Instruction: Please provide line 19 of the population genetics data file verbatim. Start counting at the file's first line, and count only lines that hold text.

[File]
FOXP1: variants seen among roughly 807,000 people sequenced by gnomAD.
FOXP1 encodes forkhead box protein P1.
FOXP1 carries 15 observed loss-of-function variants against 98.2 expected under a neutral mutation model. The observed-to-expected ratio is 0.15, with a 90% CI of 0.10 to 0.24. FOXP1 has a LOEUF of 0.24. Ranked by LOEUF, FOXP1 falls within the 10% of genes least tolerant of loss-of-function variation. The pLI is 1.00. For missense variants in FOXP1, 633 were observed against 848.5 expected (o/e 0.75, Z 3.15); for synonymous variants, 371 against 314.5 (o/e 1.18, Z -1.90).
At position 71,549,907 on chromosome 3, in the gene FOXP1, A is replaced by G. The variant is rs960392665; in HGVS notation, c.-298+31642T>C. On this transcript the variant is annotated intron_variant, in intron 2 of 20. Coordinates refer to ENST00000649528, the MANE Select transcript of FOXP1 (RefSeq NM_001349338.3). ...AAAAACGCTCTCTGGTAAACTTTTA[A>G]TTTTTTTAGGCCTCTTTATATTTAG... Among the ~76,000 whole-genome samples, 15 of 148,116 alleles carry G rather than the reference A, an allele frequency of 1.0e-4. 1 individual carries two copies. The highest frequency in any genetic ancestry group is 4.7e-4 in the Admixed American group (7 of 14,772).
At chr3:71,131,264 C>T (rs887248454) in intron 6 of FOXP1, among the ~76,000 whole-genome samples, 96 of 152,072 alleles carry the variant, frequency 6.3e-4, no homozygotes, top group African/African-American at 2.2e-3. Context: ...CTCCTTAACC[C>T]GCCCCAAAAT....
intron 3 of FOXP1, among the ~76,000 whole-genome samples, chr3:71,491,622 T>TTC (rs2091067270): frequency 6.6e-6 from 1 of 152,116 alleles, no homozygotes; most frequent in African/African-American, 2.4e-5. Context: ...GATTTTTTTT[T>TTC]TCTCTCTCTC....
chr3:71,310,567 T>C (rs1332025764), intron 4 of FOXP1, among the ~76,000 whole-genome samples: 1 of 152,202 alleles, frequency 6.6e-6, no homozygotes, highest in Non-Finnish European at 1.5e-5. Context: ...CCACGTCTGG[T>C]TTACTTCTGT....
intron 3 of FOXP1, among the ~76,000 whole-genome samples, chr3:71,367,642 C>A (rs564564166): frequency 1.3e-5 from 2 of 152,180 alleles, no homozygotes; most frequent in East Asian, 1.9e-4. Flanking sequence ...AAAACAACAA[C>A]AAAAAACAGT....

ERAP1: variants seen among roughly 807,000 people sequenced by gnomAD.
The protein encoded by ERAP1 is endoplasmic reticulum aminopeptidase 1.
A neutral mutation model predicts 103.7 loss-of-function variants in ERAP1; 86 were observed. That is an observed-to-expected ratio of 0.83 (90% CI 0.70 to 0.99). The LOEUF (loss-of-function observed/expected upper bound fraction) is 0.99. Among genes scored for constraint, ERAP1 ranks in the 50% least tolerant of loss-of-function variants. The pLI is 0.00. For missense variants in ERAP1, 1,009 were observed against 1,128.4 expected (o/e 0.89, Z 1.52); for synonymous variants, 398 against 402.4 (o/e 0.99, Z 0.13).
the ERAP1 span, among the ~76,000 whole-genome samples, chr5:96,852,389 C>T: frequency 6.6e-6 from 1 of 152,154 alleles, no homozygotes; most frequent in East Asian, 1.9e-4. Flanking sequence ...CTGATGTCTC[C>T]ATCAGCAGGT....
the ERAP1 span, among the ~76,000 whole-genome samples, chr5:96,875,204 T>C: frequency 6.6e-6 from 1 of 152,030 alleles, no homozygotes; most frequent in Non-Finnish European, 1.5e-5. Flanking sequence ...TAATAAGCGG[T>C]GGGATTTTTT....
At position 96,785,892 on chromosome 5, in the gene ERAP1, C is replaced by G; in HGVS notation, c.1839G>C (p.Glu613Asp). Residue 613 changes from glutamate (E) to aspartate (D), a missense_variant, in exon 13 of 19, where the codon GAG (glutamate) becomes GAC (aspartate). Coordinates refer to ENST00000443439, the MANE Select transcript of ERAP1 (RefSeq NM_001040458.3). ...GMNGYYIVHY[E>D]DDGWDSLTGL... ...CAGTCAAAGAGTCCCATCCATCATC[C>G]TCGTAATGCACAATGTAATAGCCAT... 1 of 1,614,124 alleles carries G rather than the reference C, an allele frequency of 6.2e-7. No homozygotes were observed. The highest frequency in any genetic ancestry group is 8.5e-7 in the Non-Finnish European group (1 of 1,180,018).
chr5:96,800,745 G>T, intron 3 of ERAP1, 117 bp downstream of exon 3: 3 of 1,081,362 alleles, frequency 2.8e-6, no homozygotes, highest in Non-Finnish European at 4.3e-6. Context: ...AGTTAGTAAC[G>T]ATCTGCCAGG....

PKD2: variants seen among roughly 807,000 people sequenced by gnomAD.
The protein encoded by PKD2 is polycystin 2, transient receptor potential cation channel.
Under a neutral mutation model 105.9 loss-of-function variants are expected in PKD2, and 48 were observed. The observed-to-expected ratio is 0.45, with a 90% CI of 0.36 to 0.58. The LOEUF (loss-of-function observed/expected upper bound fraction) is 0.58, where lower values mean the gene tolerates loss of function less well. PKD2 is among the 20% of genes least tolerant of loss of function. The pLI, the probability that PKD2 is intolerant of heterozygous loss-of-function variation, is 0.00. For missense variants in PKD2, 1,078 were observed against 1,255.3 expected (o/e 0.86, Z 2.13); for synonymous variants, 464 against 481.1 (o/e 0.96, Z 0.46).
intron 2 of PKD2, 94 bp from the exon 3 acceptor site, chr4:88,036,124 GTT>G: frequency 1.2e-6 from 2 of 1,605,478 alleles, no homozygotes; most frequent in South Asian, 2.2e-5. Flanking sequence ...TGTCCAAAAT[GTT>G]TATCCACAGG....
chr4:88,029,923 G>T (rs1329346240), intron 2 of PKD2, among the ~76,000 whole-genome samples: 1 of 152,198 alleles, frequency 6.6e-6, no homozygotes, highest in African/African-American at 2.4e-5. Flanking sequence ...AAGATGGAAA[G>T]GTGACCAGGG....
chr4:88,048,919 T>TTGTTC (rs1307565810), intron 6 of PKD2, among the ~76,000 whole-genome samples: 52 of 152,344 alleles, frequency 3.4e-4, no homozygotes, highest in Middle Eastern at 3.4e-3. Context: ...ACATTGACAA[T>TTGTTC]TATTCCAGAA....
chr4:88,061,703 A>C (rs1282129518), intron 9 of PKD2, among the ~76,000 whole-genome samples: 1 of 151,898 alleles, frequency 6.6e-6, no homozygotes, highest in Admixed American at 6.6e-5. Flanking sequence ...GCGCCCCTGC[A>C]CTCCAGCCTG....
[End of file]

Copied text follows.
intron 2 of PKD2, 94 bp from the exon 3 acceptor site, chr4:88,036,124 GTT>G: frequency 1.2e-6 from 2 of 1,605,478 alleles, no homozygotes; most frequent in South Asian, 2.2e-5. Flanking sequence ...TGTCCAAAAT[GTT>G]TATCCACAGG....